For many students, junior year in high school is the most intense year of K-12 schooling. Suddenly they find that their classes are much more challenging, their activities and sports become much more time consuming, and then test prep adds to this already-too-full schedule. All this, combined with maintaining a fulfilling social life, is hard to balance. Not to mention sleep, which is extremely important for growing teenagers. With this mountain of responsibility, learning strategies on how to successfully manage this full plate can not only be a life-saver today, but is also a valuable life-long skill.
Improve Your Efficiency
Perhaps the most useful strategy is to increase your efficiency. All too often, students try to do their homework, write a paper, or study for standardized tests with their cell phone inches from their hands. Every alert, text, or ding grabs their attention away from their work, disrupting their train of thought–sometimes only for a moment, but other times for a 30-minute phone call or invitation to go do something else. Sometimes, once the cell phone is in hand, a quick scroll through Instagram-Facebook-TikTok feels inevitable. Even just a short disruption can make it more difficult for the student to get back into their work. A 15-minute worksheet somehow takes more than two hours to complete with all the interruptions. So, here is the first step to improving your efficiency: please, put the cellphone aside when you are doing HW or test-prep–silenced and face down.
Another way to improve efficiency is to be realistic with yourself. Set reasonable goals for what you can accomplish in an evening. Focus on what your task is. Take breaks when you get tired. Maybe even go outside for a walk during your break. Reward yourself when you accomplish your goal. It’s never a good approach to demand too much from yourself: “I am going to sit here and write this 15-page paper until it is finished” or “I am going to read the entire textbook tonight to study for tomorrow’s test.” That just never works.
Instead, be honest with yourself. Some students benefit from listening to music while they study; others not as much. For some students, music with words is too distracting when they are trying to write or read. But when they are working on math problems, it helps them relax and enables them to figure out tricky problems. Whatever it is, figure out what works best for you!
Learn to distinguish between what is important and what is not as important, and what is urgent and what can wait. Doing an extra credit project in your favorite class where you already have over 100% should never take priority over finishing an assignment for a class you are struggling in. Your grade in that struggle class may hang in the balance, and doing well on that assignment may push your grade up to the next level.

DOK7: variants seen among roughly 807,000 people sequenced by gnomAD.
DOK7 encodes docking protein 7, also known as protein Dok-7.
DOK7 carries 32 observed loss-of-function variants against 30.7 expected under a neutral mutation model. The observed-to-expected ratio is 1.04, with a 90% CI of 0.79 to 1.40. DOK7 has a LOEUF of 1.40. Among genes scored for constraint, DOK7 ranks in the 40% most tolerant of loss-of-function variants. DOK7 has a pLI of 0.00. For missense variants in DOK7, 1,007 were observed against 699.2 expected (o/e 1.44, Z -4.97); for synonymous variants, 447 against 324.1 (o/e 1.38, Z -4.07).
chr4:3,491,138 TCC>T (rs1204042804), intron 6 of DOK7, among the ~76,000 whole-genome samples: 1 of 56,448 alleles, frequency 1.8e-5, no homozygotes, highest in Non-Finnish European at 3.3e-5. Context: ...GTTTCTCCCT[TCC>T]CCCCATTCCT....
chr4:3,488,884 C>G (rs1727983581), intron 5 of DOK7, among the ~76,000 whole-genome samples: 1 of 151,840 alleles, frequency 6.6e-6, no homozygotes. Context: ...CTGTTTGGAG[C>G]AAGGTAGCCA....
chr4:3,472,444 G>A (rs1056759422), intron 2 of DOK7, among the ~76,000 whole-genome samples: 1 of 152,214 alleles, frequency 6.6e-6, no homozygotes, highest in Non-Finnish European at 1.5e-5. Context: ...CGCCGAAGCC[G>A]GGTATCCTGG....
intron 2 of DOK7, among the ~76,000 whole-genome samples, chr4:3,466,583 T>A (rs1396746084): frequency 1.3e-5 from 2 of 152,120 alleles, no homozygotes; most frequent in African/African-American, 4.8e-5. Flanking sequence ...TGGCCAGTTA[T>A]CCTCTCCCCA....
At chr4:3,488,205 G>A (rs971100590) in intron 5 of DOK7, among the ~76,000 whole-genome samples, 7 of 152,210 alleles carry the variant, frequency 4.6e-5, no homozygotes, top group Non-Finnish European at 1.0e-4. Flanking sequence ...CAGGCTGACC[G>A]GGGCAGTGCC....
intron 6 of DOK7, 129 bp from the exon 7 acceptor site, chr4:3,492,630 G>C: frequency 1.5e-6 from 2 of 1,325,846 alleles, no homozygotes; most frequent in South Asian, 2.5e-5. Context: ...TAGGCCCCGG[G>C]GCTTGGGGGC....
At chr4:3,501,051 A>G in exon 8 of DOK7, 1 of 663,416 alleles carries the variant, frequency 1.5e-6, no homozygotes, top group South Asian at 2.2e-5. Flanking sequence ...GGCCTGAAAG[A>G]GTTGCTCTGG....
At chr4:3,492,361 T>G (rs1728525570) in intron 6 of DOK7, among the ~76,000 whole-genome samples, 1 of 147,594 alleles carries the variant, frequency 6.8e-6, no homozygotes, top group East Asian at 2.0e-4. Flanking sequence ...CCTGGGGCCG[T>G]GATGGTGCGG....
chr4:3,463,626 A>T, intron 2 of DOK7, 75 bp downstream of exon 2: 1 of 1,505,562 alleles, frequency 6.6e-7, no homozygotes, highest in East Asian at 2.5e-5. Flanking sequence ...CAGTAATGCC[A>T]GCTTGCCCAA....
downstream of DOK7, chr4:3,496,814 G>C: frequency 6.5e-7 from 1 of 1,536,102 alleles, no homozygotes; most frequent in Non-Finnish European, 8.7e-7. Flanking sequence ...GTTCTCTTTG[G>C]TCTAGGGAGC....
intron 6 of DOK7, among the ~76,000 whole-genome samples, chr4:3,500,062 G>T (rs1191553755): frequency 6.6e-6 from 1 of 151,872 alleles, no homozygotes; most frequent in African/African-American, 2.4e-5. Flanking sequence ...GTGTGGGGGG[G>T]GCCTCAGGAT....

Standardized Test Prep
Even though you are weeks away from taking the SAT/ACT, preparing for those comprehensive (and high stakes) tests takes time. Try to prioritize working on SAT/ACT practice a little each night, and set aside blocks of time for a few full-length practice tests. This will help you prepare for the actual test(s). Your Mindfish tutor will be happy to help pace your work so that it’s not too overwhelming, but still helping you to get closer to your goal scores.
School vs Social Life
Set your own limits of what you can do and when. If you have a big test coming up next week, or you are 2 weeks away from taking the SAT or ACT, then perhaps you should decline the invitation to go to the concert and sleepover. Going skiing for the weekend may not be the best idea either. There will be other weekends when you do not have a big test looming, that will make a weekend ski trip or sleepover much more enjoyable and much less disruptive.
Get Your Parents to Support Your Priority
Try to keep your parents in the loop with your priorities. Maybe they are trying to plan a spring break trip, or a long weekend up in the mountains skiing. If your parents know you are devoted to preparing for SAT or ACT or have an upcoming big test or assignment, perhaps they can choose an alternate time, or scale back the plans to ensure you can have fun and still get your school and test prep work done. Or maybe instead of a beach vacation over spring break, your parents can plan a trip to visit some of your top colleges or universities. But you have to let them know what college towns you would like to explore. After all, parents can’t read your mind (usually).
Remember, Only for a Few Weeks or Months More
Hang in there! The added work of test prep will only last a few weeks or months. If you prepare well, you may be set to only take the tests once – or perhaps twice – and get the scores that reach your goals. That will be one less thing on your “to-do” list!